This week we celebrate the sacrifices, risks, and achievements our founding fathers undertook so that we could skip work, drink beer, and set off fireworks. Actually, we don't dishonor their memory by the way we spend the Fourth of July. We dishonor them all year long because of the sorry state of civics education in this country. Most Americans are alarmingly unfamiliar with the institutions our founders created, how they operate and what they are supposed to do. Don't know much about Congress or the Bill of Rights? Civic ignorance is never a good thing, but it's especially troubling as the country wrestles with fundamental questions about the role of government in our lives.
Test scores released last month from the National Assessment of Educational Progress, a.k.a. the Nation's Report Card, were a stark reminder of the problem: less than one quarter of all students performed at or above the proficient level on NAEP's 2010 history test. And just 17% of eighth-graders scored at the proficient level, meaning that the vast majority of them did not understand key events such as the infamous three-fifths compromise (the founding fathers' solution to whether/how slaves should be counted when apportioning members of the U.S. House of Representatives based on a state's population) or the Industrial Revolution.
Students didn't fare much better on the national civics assessment either. According to data released in May, only 22% of eighth-graders were proficient on the NAEP's 2010 civics questions, which probed such things as their understanding of major aspects of the Constitution as well as their ability to interpret a graph about voter participation. The problem is not just the kids. Earlier this year, when Newsweek gave 1,000 adults in the U.S. a random sample of the questions on the test that immigrants must pass in order to become citizens, 38% failed; 29% did not even know who the current Vice President is. As Joe Biden might say, this is a big f***ing deal.
In education, serious debates about public policy are perverted when people don't know basic facts about how our schools are governed or funded. When researchers from the education journal Education Next asked the public about their knowledge of teacher pay and school funding, the survey found that most respondents underestimated both by large margins. The researchers spotlighted similar confusion about key features of major reform efforts, for instance whether charter schools can teach religion. (They can't.)
Civic illiteracy and historical ignorance are not new problems, but that doesn't mean they're not serious ones. And although it's in vogue to blame the media for the decline of our public discourse, news industry leaders might be uniquely positioned to improve civics education. How? By helping provide better curriculum for U.S. schools than is often available today. Curriculum battles don't grab headlines the way issues like teacher evaluation and school choice do, but the lack of content-rich lesson plans is a major problem facing our schools.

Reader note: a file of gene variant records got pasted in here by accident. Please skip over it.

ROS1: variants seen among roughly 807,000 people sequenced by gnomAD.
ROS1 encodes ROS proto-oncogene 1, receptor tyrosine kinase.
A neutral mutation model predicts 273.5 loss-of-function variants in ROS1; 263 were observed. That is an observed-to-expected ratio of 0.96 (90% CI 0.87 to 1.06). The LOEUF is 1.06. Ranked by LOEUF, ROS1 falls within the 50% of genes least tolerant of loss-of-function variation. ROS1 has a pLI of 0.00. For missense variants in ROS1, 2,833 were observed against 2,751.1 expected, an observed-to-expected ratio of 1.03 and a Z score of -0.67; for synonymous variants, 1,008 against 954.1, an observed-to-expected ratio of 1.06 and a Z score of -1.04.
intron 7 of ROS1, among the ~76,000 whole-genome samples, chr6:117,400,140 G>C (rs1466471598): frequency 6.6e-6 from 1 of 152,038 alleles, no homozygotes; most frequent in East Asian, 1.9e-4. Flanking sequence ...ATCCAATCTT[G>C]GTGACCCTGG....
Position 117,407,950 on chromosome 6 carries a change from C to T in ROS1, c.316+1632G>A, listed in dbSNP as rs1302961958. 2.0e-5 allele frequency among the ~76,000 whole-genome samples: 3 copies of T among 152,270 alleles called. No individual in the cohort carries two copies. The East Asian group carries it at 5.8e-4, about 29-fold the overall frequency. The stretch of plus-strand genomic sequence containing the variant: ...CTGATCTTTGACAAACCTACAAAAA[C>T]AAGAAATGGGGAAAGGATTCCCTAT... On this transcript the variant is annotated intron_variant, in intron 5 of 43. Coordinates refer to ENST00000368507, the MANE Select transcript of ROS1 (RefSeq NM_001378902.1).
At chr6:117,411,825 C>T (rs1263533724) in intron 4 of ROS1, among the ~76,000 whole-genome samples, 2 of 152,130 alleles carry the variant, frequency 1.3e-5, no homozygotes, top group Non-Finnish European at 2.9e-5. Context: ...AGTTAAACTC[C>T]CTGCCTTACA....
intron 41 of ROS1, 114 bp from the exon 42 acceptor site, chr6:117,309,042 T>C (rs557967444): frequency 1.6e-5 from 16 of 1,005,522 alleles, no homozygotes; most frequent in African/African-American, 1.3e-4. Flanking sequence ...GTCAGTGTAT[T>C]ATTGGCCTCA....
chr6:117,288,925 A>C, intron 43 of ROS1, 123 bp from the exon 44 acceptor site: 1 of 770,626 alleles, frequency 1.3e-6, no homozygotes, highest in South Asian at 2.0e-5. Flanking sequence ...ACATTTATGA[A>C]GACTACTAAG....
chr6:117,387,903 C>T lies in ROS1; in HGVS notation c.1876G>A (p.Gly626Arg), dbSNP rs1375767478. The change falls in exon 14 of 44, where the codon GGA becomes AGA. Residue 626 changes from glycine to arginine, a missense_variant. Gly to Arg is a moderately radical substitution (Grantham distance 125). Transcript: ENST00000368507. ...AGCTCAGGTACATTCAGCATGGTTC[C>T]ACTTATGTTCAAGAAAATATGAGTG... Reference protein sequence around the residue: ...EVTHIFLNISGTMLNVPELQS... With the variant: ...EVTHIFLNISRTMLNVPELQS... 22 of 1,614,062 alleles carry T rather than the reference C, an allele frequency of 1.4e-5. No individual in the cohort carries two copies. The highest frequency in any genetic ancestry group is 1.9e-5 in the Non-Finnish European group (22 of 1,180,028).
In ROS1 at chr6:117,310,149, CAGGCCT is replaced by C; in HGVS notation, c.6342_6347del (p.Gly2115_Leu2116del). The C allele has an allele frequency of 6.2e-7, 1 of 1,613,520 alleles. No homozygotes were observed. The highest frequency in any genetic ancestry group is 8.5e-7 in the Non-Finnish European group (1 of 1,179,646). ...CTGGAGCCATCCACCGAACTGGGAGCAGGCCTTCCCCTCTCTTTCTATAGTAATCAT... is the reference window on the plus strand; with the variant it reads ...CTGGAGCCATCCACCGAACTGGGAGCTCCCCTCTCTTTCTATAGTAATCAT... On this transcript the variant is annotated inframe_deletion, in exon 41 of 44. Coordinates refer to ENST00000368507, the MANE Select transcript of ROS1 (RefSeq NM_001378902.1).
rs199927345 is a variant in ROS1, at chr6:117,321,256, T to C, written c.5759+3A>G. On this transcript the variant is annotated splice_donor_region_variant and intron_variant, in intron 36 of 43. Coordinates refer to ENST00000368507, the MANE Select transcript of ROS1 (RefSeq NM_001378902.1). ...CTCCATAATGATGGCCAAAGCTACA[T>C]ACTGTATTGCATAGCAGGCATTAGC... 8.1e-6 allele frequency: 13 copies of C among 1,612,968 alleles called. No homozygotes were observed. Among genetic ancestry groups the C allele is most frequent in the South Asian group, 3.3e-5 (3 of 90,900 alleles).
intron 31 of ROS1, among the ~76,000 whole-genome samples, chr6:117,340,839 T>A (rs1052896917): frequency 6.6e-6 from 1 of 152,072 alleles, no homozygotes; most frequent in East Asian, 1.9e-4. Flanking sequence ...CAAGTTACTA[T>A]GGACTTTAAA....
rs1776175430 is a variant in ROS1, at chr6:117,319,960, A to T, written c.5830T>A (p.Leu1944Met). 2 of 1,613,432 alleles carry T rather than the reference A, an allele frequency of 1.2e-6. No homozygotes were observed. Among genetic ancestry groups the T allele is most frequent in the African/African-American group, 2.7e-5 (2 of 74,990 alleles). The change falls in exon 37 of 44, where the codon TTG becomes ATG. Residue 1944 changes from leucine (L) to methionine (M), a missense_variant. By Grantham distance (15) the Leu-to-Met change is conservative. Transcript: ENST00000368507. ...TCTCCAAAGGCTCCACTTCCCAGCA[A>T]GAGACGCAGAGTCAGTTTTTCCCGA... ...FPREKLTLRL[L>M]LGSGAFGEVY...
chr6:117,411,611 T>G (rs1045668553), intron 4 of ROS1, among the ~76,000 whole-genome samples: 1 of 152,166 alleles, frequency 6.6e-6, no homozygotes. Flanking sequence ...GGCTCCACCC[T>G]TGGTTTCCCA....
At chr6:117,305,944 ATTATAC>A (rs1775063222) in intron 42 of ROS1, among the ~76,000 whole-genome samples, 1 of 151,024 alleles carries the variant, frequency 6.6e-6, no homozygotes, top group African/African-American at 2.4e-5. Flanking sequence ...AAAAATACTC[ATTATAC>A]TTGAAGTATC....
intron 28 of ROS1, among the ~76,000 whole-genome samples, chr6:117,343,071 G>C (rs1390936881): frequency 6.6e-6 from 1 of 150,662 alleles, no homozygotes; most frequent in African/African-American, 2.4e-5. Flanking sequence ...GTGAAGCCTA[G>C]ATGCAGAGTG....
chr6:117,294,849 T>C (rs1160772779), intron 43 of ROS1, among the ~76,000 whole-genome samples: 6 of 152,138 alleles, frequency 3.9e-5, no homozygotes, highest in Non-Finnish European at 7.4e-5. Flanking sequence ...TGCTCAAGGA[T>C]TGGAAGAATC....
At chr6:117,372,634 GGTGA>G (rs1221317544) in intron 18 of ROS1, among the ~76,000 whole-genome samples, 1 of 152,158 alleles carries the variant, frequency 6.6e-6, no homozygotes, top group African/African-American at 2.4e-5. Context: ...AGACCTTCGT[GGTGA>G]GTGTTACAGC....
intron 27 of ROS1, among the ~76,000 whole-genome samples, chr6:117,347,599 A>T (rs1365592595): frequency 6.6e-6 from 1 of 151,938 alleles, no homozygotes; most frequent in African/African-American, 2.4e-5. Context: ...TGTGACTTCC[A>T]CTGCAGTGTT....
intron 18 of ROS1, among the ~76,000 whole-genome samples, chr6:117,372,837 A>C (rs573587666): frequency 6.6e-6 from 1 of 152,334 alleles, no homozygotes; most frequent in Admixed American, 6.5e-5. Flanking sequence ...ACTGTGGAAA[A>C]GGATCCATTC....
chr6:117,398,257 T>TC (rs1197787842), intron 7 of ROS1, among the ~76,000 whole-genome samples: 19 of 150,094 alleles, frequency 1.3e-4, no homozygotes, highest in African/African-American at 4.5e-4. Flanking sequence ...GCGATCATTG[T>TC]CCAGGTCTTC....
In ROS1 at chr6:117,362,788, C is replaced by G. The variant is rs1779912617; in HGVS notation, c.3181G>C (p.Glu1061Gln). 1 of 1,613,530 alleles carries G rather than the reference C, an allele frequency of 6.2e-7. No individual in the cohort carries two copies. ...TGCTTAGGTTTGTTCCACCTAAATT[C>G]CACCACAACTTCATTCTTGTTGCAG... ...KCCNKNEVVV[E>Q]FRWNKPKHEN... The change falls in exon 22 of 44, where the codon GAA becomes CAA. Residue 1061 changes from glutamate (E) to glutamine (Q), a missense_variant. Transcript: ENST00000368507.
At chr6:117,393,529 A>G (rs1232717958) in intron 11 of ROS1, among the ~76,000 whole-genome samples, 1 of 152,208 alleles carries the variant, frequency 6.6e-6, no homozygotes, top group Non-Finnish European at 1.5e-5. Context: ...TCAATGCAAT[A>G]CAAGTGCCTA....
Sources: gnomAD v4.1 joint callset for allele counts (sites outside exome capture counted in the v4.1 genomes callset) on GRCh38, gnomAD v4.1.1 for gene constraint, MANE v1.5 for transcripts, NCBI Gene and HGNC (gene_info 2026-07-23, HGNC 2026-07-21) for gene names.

So here's a modest proposal: newspapers and broadcast networks are sitting on a trove of material that can be converted into curriculum and sold yes, sold for use in our nation's schools and universities. Digitizing these so-called rough drafts of history would not only bring to life many of the events and ideas that students (and adults) should understand as informed citizens, but would help a struggling industry expand its revenue sources.
This isn't an idle fantasy. There are already some efforts under way. A few years ago, NBC used its video archives to launch a curricular tool for teachers that is designed to supplement Advanced Placement classes. The site offers a free 30-day trial; after that, schools have to pay an annual subscription. Even though television archives contain just a part of our national story, teachers can use contemporaneous footage to craft engaging lessons about events such as the Civil Rights movement, the Vietnam War, and the energy crisis of the 1970s.
Print archives go back much further, of course, and a project called Chronicling America, which is run by the Library of Congress and the National Endowment for the Humanities, is digitizing newspaper archives for classroom use. The New York Times offers lesson plans linked to specific articles and groups these plans by category and yes, one of them is civics!
Meanwhile, Time and other publications offer free access to their amazing digital archives. But that content could help students even more if it's aligned to academic standards about what students need to know and put in a format teachers can easily incorporate into lessons. That kind of premium packaging should come at a price. Of course, we can't expect the cash-strapped education industry to bail out the media. And we shouldn't expect the media to solve our educational problems. But ambitious efforts around curriculum could help all parties, including students. The founders bequeathed us a free press. Here's one way to make better use of it.
Andrew J. Rotherham, who writes the blog Eduwonk, is a co-founder and partner at Bellwether Education, a nonprofit working to improve educational outcomes for low-income students. School of Thought, his education column for TIME.com, appears every Thursday.